The coronavirus pandemic is reshaping all our lives. With more than six million confirmed infections in the United States, we are living through a seismic cultural event impacting how we work, learn, socialize, and function. For people with disabilities, like myself and my husband, life in this pandemic is even more challenging than it was before.
The lives of people with disabilities are not valued as much as the lives of abled people, and we have seen that confirmed repeatedly over the last few months. Overall, people with disabilities are facing increased barriers right now, including barriers created by the very public health measures that are meant to protect people. We need proactive thinking and solutions to address these barriers now and avoid them in the future.
From the very beginning of the pandemic, public messaging made it clear that disabled lives are not valued the same as abled lives. News reports and official statements emphasized that *only* the elderly and people with chronic illness were at risk for complications and death from COVID-19, so the general public could feel safe. More recent calls for a “herd immunity” approach are even worse. Intentionally allowing the coronavirus to burn through the population and accepting the resulting enormous death toll is bad enough, but it is a disturbingly personal threat when your own life is one of those being offered up.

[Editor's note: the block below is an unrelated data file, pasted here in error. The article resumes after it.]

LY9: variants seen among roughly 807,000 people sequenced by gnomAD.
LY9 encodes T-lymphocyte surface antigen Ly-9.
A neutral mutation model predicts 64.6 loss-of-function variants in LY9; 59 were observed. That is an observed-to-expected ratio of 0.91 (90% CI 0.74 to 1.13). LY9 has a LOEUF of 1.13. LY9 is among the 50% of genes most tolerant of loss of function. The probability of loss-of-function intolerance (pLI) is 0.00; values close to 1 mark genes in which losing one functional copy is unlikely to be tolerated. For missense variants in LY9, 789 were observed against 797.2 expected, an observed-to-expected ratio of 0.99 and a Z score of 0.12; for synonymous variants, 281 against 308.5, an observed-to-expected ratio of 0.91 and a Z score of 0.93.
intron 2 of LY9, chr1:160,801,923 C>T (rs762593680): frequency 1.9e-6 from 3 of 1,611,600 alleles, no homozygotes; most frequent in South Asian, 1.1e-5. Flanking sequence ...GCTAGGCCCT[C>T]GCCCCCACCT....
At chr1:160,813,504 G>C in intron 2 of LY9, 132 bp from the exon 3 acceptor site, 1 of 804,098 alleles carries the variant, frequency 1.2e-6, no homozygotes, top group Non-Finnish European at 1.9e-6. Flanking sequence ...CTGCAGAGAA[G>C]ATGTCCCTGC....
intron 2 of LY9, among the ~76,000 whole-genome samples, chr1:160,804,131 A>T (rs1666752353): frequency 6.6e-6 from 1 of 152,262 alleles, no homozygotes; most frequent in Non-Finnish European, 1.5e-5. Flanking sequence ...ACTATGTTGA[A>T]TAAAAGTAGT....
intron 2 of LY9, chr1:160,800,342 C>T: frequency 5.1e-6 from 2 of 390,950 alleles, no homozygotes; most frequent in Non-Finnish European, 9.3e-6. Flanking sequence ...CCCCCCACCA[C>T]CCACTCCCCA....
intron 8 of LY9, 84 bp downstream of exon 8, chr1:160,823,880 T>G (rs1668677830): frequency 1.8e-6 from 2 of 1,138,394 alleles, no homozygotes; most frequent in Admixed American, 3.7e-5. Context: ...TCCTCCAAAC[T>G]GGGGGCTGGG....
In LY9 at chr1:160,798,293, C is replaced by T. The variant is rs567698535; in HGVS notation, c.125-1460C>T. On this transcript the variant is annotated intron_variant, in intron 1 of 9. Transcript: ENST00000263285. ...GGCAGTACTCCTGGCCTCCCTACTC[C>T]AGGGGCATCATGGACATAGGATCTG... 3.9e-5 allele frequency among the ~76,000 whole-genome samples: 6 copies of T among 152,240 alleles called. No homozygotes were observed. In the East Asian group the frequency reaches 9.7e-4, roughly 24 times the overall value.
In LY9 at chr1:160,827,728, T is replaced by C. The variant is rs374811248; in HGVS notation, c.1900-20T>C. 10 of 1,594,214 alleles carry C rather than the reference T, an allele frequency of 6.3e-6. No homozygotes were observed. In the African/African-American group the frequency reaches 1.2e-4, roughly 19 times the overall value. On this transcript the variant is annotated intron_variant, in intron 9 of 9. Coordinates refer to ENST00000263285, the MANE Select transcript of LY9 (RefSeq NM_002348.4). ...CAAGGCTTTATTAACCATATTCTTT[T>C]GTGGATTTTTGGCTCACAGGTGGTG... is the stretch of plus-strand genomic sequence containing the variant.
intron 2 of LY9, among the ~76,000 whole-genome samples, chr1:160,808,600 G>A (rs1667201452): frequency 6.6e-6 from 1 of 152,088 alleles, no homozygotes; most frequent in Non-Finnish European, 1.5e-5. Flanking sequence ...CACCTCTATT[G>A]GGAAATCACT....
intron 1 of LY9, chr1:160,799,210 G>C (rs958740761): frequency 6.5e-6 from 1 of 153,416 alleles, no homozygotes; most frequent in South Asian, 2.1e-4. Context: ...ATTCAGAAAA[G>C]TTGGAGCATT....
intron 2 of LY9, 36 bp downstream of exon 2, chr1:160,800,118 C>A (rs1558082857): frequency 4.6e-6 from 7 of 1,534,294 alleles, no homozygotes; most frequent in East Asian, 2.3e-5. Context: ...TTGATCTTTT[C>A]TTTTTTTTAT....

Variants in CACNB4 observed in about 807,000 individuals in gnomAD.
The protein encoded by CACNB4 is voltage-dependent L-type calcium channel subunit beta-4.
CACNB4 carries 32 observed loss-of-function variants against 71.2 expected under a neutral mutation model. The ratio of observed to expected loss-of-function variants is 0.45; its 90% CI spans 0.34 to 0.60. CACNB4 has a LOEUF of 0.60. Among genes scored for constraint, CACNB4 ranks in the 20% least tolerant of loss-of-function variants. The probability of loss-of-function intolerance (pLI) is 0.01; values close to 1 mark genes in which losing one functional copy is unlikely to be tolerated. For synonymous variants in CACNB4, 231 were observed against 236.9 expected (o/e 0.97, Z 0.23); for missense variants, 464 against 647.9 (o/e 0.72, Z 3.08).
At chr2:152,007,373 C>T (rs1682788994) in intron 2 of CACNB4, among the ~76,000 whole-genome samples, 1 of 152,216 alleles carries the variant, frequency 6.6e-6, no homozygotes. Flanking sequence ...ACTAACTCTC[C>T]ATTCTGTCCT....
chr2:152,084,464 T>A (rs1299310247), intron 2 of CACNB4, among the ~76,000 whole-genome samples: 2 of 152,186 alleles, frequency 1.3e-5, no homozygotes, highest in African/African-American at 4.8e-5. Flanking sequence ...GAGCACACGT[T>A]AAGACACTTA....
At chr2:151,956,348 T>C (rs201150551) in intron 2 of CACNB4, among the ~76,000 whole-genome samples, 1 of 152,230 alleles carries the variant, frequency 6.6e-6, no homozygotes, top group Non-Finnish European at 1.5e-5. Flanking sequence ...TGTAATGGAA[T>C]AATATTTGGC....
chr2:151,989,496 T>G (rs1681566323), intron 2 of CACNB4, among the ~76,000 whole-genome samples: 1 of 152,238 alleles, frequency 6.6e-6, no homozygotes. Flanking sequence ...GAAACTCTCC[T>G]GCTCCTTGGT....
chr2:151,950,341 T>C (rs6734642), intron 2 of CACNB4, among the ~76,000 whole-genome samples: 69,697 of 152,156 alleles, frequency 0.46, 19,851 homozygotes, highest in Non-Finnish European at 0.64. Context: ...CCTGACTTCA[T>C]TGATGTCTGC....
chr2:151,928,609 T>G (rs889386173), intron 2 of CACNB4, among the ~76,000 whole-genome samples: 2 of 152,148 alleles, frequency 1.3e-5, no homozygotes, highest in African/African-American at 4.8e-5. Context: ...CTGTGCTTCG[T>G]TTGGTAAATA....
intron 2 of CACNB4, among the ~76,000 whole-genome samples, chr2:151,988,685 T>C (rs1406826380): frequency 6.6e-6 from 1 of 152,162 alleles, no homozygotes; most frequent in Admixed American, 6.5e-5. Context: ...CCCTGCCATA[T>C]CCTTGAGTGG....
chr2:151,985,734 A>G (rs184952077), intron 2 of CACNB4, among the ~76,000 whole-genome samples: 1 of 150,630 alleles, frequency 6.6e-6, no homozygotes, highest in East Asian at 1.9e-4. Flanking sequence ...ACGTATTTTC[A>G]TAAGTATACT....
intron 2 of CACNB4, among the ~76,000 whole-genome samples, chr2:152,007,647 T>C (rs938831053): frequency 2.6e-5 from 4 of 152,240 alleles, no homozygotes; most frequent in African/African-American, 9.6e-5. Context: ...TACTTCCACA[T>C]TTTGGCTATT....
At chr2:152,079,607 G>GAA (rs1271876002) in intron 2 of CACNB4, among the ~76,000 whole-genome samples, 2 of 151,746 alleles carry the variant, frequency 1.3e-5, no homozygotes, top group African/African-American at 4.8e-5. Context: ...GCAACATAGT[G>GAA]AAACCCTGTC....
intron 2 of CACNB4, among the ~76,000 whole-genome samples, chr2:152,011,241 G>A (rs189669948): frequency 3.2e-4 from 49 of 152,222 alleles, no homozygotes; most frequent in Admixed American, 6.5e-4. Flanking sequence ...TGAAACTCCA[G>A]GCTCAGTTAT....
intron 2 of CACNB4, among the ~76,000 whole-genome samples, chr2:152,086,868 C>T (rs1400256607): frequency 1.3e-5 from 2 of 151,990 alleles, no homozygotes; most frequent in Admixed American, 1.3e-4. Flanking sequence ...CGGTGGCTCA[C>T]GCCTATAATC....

The value of disabled lives is calculated in a very literal way by the crisis standards of care used in many states. In the event of a shortage of medical resources, crisis standards of care provide frameworks for deciding which patients get access to resources like ventilators. Multiple states’ guidelines included quality-of-life judgements as part of the decision making, as in, “this person isn’t worth saving because their quality of life is so bad anyway.” Some guidelines expressly excluded people with specific disabilities such as dementia and “severe mental retardation.” Multiple advocacy groups have filed civil rights complaints, and some states modified their standards as a result. Yet there is at least one case where a disabled man was allegedly judged to not be worth saving because of his disabilities.
It’s not just public statements that show us that our lives are not valued the same as healthy, abled lives. The actions of individuals convey that message too. I am at increased risk for COVID-19 complications, as is my husband. On the few occasions I have left my home since March, I have seen people who are not wearing masks properly (or at all) or who do not maintain social distance. That behavior potentially risks my life, and it tells me that my life does not matter as much to people as their personal desire to socialize or avoid wearing a mask. People do not understand that even if they do not get sick themselves, they could make someone else very sick. They don’t make the connections between their personal behavior and the impact on public health, or on mine.
Many of our new public health measures and socio-economic adaptations have actually created new barriers for people with disabilities. For example, mask wearing is essential to reduce the spread of infection but it makes communication more difficult for deaf/hard of hearing people who need to read lips and/or rely on facial grammar. Visual cues for social distancing, such as marks on store floors, do not help people with impaired or low vision. As restaurants have moved dining outdoors and taken over sidewalks, people in wheelchairs can no longer safely move down the street.